Thursday November 20, 2003
At least five people were feared dead and more than 100 injured after bombs ripped through two British targets in Istanbul today.
One explosion inflicted serious damage on the British consulate and another destroyed part of the London-based HSBC Bank headquarters. The attacks come just five days after suicide bombers targeted a synagogue in the Turkish city.
Initial reports suggested up to four explosions, but Turkish government spokesman Cemil Cicek confirmed that two explosions had struck the city, killing a total of five people. Three of the dead, including a security guard, were killed at the consulate and the others at the HSBC building.
Hospital sources were quoted on Turkish television as saying that more than 100 people were injured. One report put the number of casualties at 169.
The Turkish TV channel NTV said the explosion at the British consulate, in the Beyoglu district, appeared to have been caused by a suicide truck-bomb. Its footage showed a number of mutilated bodies lying in front of a badly damaged modern office block, thought to be the HSBC building in the Levent district.
Chris Kitrinos, an English teacher who works in a school next door to the consulate, told CNN: "It's total chaos, ambulances can't get to the scene."
In London the Foreign Office had no immediate comment, but the foreign secretary, Jack Straw, condemned the attacks as an "appalling act of terrorism".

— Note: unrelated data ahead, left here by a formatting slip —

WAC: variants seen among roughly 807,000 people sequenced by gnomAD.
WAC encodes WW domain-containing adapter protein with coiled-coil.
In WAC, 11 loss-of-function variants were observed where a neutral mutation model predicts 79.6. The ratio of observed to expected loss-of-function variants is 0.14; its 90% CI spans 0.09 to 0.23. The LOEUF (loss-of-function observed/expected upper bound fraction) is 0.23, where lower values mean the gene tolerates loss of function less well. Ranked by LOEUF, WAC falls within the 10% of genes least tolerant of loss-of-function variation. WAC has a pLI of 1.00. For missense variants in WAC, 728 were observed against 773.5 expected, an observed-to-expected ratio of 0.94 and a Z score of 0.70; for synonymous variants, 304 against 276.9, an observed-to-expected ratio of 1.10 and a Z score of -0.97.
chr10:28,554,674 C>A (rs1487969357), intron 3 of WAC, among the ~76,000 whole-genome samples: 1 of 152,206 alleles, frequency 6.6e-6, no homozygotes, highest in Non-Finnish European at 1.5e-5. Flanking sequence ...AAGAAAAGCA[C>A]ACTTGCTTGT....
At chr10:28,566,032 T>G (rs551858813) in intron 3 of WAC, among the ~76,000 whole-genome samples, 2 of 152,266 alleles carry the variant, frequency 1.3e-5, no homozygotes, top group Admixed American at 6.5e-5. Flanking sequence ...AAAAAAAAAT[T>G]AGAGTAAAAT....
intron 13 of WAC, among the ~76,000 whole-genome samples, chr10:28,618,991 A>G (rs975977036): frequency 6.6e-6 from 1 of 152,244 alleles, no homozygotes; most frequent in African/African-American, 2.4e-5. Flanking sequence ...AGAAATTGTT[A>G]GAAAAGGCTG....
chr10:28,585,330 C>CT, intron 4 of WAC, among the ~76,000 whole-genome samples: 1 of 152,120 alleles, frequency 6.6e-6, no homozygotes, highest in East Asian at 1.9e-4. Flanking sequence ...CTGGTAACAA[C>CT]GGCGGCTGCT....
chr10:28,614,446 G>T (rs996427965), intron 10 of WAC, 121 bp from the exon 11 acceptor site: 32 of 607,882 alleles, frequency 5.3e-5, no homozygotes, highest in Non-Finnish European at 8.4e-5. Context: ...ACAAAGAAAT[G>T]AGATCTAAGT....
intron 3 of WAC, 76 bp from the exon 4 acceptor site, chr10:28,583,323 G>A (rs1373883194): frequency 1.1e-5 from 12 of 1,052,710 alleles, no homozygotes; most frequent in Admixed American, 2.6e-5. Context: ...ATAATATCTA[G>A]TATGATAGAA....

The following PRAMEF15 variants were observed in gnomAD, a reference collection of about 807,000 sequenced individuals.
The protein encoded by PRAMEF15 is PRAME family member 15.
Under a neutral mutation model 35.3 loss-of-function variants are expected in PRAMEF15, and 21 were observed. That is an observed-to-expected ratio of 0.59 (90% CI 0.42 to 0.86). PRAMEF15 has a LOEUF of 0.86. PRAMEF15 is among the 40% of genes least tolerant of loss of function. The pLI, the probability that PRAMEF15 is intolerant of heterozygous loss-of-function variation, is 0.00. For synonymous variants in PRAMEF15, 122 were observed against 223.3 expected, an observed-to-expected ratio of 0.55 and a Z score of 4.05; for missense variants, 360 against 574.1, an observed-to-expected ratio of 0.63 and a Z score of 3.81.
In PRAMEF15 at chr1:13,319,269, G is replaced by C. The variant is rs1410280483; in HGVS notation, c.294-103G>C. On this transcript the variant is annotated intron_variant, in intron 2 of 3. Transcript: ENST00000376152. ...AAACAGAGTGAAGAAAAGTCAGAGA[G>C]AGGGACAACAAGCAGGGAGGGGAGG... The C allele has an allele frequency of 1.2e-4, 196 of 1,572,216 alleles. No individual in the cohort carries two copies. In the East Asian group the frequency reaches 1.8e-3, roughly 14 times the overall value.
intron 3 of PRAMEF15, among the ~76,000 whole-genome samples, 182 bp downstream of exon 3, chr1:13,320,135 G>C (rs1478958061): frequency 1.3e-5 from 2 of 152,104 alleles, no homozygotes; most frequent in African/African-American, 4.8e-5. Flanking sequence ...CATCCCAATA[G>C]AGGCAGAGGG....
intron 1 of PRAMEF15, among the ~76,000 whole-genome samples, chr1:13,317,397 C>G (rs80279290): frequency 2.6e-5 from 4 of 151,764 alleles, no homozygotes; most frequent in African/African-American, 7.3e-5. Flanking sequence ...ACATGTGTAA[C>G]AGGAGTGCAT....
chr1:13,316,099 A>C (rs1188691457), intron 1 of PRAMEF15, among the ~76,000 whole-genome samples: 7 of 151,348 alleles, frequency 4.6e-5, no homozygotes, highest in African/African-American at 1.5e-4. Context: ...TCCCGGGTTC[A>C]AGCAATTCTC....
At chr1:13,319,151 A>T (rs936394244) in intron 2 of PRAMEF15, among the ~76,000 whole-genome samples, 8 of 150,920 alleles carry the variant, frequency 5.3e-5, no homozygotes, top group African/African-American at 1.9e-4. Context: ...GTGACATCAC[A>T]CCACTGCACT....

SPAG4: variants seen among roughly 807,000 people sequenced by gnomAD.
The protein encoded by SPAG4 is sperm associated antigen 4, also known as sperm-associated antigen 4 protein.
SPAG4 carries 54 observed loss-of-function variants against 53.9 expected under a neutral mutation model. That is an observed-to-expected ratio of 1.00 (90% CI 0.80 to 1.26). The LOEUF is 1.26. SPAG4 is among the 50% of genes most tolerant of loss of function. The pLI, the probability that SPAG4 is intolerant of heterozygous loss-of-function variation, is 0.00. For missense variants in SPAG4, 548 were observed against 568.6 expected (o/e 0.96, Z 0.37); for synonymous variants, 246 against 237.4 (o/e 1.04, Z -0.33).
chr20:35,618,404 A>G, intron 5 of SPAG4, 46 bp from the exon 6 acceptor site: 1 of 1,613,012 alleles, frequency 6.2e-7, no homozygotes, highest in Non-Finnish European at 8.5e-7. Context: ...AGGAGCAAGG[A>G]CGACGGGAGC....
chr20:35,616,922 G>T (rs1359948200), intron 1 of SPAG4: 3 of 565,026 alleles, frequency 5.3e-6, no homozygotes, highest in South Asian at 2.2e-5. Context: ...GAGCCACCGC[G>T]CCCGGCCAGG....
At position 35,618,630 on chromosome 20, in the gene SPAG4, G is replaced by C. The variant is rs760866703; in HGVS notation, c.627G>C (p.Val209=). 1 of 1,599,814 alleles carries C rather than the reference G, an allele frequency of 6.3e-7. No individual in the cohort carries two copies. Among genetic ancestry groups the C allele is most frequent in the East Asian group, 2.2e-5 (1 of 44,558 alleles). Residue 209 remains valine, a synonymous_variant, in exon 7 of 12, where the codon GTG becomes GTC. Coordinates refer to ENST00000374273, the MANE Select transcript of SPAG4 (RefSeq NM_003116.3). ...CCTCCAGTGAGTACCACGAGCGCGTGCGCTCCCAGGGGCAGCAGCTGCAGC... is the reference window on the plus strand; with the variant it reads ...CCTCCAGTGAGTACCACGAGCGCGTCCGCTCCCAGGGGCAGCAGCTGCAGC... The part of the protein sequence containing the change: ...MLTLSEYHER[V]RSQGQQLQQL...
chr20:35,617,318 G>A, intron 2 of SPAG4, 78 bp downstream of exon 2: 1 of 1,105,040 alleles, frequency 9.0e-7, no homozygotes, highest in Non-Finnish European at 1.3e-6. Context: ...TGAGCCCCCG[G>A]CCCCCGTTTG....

Speaking at an impromptu press conference outside 10 Downing Street, Mr Straw said "three of four" employees at the embassy had not reported to the roll call after the blast, which bore "all the hallmarks" of an al-Qaida strike.
He said: "We are obviously making every effort to identify what has happened to those individuals."
HSBC's press office in London had no immediate comment on the blasts. The company has been operating in Turkey for more than 10 years and has 157 branches across the country. The bank declined to say how many staff worked in its Istanbul office.
Turkish officials are linking today's attacks to those that took place on Saturday, when two trucks packed with home-made explosives detonated outside the Beit Israel and Neve Shalom synagogues in Istanbul, killing 25 people and wounding hundreds more.
An al-Qaida unit claimed responsibility for the attacks at the weekend and warned that the Islamist network was planning more attacks against the United States and its allies.
Yesterday, the city's governor identified two Turkish men he said were the synagogue suicide bombers and said their attacks resembled those of the al-Qaida network.
Eight people, already in custody for questioning in connection with Saturday's bombings, have been sent to a state security court, the state-run Anatolian news agency said. They include the owners of the vehicles used in the attacks.
The Foreign Office has set up an emergency contact number for anyone concerned about relatives who may have been caught up in the bombings in Istanbul. The number is 020 7008 0000.